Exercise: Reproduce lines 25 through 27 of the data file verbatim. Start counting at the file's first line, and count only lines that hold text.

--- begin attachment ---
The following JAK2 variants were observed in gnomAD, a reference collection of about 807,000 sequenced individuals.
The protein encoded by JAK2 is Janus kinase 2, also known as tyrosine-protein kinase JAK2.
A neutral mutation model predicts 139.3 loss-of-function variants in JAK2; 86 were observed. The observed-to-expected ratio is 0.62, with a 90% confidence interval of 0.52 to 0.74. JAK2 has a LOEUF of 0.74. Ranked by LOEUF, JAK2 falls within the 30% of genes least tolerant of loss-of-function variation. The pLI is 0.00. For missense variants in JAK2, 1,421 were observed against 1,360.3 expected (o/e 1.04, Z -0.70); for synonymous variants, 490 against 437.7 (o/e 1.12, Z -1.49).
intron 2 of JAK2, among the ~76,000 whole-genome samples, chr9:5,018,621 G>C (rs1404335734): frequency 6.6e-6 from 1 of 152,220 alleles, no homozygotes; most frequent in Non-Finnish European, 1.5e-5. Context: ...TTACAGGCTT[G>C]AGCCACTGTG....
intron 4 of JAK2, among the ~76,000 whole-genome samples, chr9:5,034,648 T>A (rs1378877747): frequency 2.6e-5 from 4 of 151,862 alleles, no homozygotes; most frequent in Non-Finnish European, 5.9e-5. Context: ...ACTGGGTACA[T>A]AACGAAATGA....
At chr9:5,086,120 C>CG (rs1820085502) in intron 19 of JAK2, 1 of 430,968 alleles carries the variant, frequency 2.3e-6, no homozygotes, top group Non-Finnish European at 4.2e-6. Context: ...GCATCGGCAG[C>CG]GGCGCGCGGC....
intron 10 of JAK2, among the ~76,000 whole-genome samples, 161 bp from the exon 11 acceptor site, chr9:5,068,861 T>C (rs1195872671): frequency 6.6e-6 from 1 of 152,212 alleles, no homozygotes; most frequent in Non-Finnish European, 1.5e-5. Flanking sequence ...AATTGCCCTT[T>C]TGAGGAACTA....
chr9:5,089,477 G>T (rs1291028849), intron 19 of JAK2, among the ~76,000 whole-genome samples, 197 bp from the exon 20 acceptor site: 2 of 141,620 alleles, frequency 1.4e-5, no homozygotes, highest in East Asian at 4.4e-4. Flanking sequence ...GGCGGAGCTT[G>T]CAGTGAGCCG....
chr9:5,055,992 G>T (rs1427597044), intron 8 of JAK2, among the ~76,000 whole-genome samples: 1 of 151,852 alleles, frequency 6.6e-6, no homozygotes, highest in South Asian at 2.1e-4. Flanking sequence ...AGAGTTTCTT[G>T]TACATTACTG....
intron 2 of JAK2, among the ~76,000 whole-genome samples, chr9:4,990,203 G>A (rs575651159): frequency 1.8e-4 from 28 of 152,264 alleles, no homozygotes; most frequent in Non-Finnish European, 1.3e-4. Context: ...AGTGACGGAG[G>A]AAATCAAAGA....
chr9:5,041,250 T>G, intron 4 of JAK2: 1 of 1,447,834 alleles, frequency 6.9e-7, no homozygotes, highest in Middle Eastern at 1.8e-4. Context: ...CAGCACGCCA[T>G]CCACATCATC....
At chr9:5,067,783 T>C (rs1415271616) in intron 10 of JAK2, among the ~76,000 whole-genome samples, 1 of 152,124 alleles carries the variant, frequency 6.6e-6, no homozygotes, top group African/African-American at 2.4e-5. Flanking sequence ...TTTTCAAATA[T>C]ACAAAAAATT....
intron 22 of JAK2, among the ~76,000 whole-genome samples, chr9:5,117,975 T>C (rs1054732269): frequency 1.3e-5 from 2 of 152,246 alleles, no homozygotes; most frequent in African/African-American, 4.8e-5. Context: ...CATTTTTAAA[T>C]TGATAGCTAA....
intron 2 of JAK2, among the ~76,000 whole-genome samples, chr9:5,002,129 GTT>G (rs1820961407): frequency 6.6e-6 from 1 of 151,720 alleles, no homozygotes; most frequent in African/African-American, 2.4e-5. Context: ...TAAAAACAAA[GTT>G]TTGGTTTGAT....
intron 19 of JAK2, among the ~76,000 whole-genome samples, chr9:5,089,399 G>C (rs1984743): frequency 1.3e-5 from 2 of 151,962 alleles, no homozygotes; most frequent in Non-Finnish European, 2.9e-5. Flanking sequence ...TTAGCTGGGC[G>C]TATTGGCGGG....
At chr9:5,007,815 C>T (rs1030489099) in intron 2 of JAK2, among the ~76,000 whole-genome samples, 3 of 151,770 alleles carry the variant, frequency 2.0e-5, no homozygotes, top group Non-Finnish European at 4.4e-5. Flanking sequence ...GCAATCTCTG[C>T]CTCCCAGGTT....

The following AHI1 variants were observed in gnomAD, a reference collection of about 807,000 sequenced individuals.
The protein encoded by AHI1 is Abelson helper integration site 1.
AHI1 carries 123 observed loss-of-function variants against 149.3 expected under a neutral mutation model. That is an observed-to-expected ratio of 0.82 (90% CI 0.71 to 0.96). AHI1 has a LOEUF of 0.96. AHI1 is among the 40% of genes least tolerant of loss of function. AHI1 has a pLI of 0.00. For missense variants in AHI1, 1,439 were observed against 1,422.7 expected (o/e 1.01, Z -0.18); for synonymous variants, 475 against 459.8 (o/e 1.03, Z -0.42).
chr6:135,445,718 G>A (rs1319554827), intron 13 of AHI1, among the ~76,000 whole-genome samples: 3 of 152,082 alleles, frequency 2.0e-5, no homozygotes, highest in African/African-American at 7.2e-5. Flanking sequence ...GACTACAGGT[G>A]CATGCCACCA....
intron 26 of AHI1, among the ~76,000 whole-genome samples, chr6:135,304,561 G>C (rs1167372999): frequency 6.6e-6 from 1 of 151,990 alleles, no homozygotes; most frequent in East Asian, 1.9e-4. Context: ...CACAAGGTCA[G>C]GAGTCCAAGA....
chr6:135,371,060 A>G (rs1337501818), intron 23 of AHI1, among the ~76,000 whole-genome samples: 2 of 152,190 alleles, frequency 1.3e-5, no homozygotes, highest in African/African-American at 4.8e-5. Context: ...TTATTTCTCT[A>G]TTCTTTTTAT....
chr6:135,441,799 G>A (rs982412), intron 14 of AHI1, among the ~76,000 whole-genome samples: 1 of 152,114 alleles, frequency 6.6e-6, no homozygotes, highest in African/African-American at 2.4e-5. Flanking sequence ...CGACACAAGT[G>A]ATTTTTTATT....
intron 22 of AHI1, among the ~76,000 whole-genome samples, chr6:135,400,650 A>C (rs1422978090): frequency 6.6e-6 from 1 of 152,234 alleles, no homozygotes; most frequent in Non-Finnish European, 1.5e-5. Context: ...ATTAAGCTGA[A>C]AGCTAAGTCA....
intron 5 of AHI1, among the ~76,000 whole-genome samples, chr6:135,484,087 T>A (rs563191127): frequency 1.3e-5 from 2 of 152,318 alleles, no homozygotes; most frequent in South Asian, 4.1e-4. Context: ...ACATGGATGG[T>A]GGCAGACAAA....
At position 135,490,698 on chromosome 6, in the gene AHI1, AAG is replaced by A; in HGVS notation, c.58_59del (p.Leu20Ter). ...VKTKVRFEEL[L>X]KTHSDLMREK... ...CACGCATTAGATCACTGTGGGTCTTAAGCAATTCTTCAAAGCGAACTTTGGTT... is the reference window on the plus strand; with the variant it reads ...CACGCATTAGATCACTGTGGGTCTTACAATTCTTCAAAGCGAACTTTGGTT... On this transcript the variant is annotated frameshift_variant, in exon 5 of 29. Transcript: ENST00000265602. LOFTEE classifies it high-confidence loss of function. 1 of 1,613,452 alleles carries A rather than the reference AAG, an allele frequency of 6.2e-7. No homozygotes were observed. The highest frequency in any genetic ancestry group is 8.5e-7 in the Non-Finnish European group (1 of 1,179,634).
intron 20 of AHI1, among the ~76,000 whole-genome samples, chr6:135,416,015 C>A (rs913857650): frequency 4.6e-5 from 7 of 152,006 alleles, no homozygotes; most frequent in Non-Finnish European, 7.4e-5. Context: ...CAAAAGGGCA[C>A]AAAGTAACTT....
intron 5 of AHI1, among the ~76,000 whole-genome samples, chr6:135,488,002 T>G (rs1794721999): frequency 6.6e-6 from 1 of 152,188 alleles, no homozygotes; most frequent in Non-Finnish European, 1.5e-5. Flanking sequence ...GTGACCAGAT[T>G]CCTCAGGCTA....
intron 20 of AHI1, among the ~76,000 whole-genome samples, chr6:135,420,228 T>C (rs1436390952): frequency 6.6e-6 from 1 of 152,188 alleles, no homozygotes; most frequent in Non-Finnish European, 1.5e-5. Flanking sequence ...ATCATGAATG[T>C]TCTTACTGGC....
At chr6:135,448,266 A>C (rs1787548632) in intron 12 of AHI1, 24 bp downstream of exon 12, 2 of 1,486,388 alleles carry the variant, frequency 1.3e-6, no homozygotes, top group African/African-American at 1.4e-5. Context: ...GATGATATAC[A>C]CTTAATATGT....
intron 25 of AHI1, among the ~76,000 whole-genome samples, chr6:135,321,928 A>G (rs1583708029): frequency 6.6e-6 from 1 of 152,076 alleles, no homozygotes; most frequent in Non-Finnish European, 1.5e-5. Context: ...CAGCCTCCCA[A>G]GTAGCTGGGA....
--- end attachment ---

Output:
intron 5 of AHI1, among the ~76,000 whole-genome samples, chr6:135,484,087 T>A (rs563191127): frequency 1.3e-5 from 2 of 152,318 alleles, no homozygotes; most frequent in South Asian, 4.1e-4. Context: ...ACATGGATGG[T>A]GGCAGACAAA....
At position 135,490,698 on chromosome 6, in the gene AHI1, AAG is replaced by A; in HGVS notation, c.58_59del (p.Leu20Ter). ...VKTKVRFEEL[L>X]KTHSDLMREK... ...CACGCATTAGATCACTGTGGGTCTTAAGCAATTCTTCAAAGCGAACTTTGGTT... is the reference window on the plus strand; with the variant it reads ...CACGCATTAGATCACTGTGGGTCTTACAATTCTTCAAAGCGAACTTTGGTT... On this transcript the variant is annotated frameshift_variant, in exon 5 of 29. Transcript: ENST00000265602. LOFTEE classifies it high-confidence loss of function. 1 of 1,613,452 alleles carries A rather than the reference AAG, an allele frequency of 6.2e-7. No homozygotes were observed. The highest frequency in any genetic ancestry group is 8.5e-7 in the Non-Finnish European group (1 of 1,179,634).
intron 20 of AHI1, among the ~76,000 whole-genome samples, chr6:135,416,015 C>A (rs913857650): frequency 4.6e-5 from 7 of 152,006 alleles, no homozygotes; most frequent in Non-Finnish European, 7.4e-5. Context: ...CAAAAGGGCA[C>A]AAAGTAACTT....